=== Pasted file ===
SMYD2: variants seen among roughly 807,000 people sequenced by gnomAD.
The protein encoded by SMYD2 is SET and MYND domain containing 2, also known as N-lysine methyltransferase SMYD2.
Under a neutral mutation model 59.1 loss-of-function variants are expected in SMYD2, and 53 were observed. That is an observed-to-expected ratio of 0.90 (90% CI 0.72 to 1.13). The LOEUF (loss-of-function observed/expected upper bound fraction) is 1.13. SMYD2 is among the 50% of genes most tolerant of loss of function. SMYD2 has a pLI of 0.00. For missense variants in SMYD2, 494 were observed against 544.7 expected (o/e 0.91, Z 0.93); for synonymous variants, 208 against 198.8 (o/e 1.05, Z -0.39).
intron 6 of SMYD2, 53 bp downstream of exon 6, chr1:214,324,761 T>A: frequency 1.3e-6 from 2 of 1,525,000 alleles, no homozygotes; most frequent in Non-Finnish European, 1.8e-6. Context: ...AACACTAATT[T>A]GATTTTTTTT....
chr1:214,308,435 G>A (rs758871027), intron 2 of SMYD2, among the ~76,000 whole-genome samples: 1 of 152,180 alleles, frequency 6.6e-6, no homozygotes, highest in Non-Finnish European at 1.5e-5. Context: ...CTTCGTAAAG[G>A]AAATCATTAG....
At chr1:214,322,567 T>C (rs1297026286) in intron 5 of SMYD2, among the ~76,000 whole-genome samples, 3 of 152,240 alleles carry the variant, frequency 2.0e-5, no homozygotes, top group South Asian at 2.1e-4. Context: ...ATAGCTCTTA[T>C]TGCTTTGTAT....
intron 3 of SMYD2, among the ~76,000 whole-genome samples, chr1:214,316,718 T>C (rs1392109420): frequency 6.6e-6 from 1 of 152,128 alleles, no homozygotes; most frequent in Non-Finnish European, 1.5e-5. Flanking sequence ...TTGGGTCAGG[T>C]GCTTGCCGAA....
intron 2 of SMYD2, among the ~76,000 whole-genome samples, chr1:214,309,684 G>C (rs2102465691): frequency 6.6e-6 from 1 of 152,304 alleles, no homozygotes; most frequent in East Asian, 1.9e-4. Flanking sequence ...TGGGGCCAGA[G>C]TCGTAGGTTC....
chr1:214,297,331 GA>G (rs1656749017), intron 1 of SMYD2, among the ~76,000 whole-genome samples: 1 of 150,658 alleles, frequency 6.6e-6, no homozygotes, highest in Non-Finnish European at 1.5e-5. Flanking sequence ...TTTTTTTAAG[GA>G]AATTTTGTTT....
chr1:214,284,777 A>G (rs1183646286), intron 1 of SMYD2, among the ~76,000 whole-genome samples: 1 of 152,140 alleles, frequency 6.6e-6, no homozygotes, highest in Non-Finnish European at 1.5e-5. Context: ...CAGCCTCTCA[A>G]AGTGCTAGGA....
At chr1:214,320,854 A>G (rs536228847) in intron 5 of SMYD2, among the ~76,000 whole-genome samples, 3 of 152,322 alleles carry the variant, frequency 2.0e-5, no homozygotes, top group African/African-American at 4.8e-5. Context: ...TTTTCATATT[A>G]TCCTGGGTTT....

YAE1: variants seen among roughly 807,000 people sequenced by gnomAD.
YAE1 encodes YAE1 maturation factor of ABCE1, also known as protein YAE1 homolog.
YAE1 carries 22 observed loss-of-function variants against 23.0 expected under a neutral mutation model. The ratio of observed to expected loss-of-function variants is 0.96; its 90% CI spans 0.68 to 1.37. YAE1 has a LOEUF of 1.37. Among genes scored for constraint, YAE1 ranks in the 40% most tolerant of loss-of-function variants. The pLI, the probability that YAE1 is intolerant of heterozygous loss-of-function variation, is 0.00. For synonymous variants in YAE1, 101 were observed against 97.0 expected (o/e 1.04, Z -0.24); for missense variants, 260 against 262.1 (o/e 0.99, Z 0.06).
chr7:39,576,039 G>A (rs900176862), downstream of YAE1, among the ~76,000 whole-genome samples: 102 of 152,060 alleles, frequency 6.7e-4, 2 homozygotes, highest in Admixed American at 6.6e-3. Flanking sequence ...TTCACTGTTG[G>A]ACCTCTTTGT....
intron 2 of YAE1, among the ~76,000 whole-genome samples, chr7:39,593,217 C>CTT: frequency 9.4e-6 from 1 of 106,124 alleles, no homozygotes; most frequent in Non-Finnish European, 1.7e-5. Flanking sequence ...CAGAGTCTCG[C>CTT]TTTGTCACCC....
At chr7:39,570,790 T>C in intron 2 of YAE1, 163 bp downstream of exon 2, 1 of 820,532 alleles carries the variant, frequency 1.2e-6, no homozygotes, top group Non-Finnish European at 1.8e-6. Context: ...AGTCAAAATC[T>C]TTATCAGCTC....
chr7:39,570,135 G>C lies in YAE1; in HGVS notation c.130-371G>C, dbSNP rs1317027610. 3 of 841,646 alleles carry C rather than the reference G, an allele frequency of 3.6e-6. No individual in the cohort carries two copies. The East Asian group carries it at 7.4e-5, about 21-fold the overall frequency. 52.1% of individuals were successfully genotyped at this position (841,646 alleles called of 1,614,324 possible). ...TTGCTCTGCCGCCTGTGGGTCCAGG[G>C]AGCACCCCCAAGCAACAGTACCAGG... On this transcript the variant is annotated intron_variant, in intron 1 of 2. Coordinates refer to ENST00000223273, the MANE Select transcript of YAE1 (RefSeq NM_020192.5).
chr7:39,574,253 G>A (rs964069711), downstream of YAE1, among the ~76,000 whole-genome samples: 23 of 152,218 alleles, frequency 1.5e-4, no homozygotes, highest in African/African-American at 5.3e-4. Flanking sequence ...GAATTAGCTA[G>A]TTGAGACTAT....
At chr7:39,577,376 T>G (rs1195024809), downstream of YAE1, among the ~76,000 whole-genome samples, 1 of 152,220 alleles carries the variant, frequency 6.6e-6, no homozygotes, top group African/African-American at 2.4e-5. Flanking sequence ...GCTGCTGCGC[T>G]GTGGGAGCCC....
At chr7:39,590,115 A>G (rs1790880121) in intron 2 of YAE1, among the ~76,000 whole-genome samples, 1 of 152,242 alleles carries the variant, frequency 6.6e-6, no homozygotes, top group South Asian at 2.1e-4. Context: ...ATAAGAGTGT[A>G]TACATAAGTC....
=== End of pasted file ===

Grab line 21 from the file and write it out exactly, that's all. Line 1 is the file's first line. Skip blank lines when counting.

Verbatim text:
At chr7:39,590,115 A>G (rs1790880121) in intron 2 of YAE1, among the ~76,000 whole-genome samples, 1 of 152,242 alleles carries the variant, frequency 6.6e-6, no homozygotes, top group South Asian at 2.1e-4. Context: ...ATAAGAGTGT[A>G]TACATAAGTC....